9. 9.0 9.1 Ashton MC, Lee K. The HEXACO-60: a short measure of the major dimensions of personality. J Pers Assess. 2009 Jul;91(4):340-5. doi: 10.1080/00223890902935878. PMID: 20017063.. Retrieved from
  10. 10.0 10.1 Lee K, Ashton MC. Psychometric Properties of the HEXACO Personality Inventory. Multivariate Behav Res. 2004 Apr 1;39(2):329-58. doi: 10.1207/s15327906mbr3902_8. PMID: 26804579. Retrieved from
  11. Ashton MC, Lee K. THE HEXACO PERSONALITY INVENTORY - REVISED. Scale Descriptions Retrieved from
  12. 12.0 12.1 12.2 12.3 12.4 Leaetta M. Hough, Frederick L. Oswald, Jisoo Ock. Beyond the Big Five: New Directions for Personality Research and Practice in Organizations. Annual Review of Organizational Psychology and Organizational Behavior 2015 2:1, 183-209 Retrieved from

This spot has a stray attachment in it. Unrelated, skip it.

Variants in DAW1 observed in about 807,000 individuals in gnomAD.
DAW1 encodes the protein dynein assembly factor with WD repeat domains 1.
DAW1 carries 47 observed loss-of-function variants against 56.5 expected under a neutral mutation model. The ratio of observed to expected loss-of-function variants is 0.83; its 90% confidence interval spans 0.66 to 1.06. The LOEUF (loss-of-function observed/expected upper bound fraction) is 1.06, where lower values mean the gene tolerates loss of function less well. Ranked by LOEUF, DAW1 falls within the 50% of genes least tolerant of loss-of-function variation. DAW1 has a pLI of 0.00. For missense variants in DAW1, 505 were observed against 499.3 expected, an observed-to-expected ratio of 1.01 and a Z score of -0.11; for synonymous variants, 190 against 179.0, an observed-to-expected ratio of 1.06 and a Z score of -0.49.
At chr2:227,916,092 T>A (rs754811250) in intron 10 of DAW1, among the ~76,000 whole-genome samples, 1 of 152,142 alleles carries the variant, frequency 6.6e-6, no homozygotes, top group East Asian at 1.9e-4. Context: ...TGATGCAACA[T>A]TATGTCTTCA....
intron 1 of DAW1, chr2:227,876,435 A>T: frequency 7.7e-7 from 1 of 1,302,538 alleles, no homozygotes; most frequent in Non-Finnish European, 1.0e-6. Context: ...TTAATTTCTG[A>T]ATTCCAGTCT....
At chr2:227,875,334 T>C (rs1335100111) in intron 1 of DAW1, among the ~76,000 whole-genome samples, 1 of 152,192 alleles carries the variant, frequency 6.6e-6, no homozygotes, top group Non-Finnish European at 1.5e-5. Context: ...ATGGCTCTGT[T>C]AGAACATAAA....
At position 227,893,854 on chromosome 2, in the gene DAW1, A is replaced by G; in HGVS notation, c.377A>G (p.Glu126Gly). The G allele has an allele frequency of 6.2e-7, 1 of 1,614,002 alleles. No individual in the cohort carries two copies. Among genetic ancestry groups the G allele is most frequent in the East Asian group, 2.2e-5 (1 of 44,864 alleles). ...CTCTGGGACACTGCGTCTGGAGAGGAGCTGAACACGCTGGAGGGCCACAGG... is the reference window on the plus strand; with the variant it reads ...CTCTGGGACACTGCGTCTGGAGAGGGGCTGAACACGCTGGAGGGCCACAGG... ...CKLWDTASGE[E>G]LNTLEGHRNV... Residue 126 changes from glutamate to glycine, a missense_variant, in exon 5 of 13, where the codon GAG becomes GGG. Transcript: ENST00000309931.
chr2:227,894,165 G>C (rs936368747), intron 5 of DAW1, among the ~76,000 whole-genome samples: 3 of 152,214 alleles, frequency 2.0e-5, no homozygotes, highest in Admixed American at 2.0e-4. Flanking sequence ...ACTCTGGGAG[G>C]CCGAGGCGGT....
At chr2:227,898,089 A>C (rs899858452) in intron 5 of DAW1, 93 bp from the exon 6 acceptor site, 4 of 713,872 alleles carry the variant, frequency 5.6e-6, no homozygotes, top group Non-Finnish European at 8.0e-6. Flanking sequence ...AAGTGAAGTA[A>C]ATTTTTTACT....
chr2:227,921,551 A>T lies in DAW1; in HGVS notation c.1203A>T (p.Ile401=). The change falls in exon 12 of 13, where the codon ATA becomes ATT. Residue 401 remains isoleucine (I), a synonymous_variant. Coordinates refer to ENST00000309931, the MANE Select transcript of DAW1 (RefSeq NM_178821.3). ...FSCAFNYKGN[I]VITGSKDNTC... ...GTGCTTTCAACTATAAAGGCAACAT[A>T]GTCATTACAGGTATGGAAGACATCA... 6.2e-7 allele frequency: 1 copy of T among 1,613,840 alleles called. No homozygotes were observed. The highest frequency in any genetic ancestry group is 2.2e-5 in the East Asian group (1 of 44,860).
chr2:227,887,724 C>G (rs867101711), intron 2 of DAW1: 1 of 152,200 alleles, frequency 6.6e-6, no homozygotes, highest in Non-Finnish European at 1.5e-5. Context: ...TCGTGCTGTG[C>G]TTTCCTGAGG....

13. The Stationery Office. 2017. Managing Successful Projects with PRINCE2. The Stationery Office, GBR.
  14. 14.0 14.1 Bell, S. T. (2007). Deep-Level Composition Variables as Predictors of Team Performance: A Meta-Analysis. Journal of Applied Psychology, 92(3), 595-615. doi:10.1037/0021 9010.92.3.595. Retrieved from
  15. Buca, A., Calin, M., & Mincu, L. (2016). The relationship between HEXACO model of personality and employee well-being. Romanian Journal of Experimental Applied Psychology, 7. Retrieved from
  16. 16.0 16.1 16.2 Open peer commentary and author’s response. (2020). European Journal of Personality, 34(4), 511–590. Retrieved from